There are a ton of great Marvel-licensed games making the rounds right now, including the forthcoming Spider-Man from Insomniac Games; Telltale Games’ Guardians of the Galaxy episodic series; Capcom’s Marvel vs. Capcom: Infinite; and WB Games’ Lego Marvel Super Heroes 2. And that’s not counting Square Enix’s forthcoming Avengers project as well.
But what’s really going into the thought of Marvel games, and how they are made these days? Well, GamesIndustry International recently had a chance to chat with Marvel Games’ Jay Ong about the decision making that goes into forming these partnerships – and how it’s paying off.
“It’s not just a creative alignment, but ambition is a huge part of it,” Ong said. “Unless you want to hit home runs, we’re not interested in partnering with you. So we have to share the creative vision and then also, are you hungry? Are you willing to invest the talent, time, and resources to create a huge game like Spider-Man, Marvel vs. Capcom Infinite, or The Avengers? Those are all going to be huge games with long development cycles and top-tier talent, all that.”
And the approach is really working for the company. “To some extent, it’s almost that every big title people see or we announce partnerships on leads to more interesting things,” he said. “It basically legitimizes that we’re great to collaborate with. And most importantly, there’s the output. Look at Spider-Man – it speaks for itself. So absolutely the strategy was sound and it’s been proved. You could see it on the [E3] floor. Marvel vs. Capcom is amazing, and Spider-Man’s going to be quite a phenomenon next year.”
And even though the company enjoyed working with Activision on its previous Spider-Man games (like Shattered Dimensions and the movie-licensed games), it feels that a different approach with the Insomniac take on Spider-Man is really something. “Certainly the way we think about our partnerships is not so much about creating a legal construct that stretches long term; it’s about creating relationships that are long-term,” Ong said. “So it’s not so much about whether there’s a legal commitment to do X, Y, and Z, but a desire to say, ‘Well, this is so successful, let’s do more things together.’ At the end of the day, if a project is not successful, I don’t think either party wants to stay in the partnership. That’s just logical and makes sense.”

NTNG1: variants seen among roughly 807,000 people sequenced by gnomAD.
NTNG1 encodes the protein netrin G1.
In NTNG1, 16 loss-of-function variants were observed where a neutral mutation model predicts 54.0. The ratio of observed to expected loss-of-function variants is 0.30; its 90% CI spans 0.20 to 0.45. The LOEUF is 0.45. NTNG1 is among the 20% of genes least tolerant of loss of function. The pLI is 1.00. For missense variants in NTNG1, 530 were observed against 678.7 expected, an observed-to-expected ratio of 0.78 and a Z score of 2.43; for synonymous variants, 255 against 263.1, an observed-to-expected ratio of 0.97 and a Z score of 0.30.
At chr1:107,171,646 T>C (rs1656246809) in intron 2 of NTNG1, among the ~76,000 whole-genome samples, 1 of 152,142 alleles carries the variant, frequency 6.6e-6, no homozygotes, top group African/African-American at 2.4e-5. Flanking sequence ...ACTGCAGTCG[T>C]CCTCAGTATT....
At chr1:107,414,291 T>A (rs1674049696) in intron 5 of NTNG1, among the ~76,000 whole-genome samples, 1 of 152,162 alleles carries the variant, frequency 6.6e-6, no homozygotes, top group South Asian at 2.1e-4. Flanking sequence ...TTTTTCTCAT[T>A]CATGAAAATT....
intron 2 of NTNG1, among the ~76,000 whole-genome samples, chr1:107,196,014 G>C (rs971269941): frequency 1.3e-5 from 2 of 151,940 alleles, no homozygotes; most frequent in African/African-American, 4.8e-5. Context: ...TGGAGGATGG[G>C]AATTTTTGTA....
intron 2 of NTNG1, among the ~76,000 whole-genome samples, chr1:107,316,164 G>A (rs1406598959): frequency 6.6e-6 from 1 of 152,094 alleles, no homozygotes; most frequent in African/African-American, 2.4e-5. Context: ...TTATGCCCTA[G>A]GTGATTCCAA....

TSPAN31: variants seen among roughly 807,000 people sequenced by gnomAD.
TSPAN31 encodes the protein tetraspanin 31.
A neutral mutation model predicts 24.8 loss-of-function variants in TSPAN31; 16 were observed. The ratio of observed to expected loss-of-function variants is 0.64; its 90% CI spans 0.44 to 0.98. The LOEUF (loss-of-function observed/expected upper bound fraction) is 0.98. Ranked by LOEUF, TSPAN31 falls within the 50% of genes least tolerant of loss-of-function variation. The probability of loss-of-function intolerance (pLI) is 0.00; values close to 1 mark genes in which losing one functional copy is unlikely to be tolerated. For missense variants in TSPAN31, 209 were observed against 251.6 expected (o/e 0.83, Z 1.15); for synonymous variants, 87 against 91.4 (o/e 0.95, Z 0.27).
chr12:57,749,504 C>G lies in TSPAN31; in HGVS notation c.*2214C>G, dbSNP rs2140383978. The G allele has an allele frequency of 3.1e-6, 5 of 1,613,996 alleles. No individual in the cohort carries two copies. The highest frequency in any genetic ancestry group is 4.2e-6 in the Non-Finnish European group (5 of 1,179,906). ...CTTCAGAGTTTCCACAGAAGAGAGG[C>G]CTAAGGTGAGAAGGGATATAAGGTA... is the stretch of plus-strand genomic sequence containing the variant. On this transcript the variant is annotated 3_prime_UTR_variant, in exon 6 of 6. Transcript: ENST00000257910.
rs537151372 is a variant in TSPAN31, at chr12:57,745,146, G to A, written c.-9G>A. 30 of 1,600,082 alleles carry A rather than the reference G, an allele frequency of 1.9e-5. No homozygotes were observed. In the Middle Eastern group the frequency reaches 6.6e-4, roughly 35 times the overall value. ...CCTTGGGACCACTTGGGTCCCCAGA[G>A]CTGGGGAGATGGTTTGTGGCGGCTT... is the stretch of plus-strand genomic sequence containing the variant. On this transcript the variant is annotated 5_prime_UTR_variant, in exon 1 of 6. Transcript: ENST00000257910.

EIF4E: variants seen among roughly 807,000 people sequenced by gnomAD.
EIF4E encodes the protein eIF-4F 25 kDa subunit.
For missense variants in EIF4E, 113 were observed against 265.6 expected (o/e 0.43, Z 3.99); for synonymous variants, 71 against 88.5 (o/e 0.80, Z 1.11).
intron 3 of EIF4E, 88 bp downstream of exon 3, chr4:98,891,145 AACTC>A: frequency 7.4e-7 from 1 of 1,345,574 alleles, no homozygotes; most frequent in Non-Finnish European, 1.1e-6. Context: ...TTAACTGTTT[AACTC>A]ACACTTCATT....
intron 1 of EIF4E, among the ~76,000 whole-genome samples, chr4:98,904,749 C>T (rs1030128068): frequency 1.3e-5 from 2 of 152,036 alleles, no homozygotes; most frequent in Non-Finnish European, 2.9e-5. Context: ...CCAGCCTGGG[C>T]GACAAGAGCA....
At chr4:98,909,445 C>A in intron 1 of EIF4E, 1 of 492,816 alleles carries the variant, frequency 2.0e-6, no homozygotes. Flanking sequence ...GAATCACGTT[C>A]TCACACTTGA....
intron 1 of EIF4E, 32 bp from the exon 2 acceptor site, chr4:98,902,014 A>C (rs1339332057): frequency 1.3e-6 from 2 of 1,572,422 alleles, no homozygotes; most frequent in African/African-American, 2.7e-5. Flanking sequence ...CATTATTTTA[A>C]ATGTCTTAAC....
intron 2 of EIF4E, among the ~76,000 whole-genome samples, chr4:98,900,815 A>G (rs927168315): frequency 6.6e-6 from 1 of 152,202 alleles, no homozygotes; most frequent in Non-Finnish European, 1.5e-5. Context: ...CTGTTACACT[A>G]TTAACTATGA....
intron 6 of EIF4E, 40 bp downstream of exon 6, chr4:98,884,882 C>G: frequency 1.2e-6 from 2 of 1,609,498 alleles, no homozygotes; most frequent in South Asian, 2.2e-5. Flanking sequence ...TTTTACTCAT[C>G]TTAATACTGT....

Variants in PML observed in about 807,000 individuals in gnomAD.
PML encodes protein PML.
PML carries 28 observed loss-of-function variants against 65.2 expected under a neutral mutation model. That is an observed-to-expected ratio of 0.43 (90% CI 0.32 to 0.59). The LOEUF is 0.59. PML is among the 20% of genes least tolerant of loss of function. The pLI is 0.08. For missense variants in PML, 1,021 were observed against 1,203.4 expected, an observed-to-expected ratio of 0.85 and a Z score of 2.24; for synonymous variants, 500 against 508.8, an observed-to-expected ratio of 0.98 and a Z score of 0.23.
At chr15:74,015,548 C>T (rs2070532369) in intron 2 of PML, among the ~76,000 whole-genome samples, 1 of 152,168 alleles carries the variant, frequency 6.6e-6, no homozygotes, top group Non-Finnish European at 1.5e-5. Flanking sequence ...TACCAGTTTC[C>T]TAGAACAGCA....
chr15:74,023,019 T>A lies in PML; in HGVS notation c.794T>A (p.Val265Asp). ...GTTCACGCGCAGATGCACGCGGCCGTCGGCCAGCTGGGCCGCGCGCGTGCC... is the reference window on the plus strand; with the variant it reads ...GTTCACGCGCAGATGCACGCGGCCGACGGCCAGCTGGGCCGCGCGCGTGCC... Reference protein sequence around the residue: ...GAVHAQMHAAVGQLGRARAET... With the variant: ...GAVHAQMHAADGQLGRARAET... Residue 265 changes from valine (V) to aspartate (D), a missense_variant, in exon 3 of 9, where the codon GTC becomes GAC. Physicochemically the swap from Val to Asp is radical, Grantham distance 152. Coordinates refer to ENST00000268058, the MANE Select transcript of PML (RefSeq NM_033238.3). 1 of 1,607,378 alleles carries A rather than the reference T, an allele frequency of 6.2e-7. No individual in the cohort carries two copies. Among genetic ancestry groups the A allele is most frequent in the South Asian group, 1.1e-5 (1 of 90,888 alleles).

But lately, it’s about the passion of the projects, and not so much the licenses. “We rely less on contractual obligation because that’s really a poor tool to determine behavior,” Ong said. “It’s about what’s mutually beneficial. That’s a huge part of our job, to act as a portfolio manager. How do we make sure that games are differentiated enough that partners aren’t harmed by other games, and that consumers aren’t confused? A couple generations ago there was a desire to do a lot of content. And now we’ve gone to less and less. It’s been a conscious decision to go bigger and go fewer, to avoid oversaturation or consumer confusion. It should be an easy decision-making process for [fans]. There should be no confusion about which one’s better. If there’s one, it’s going to be good. That’s the promise behind all of it.”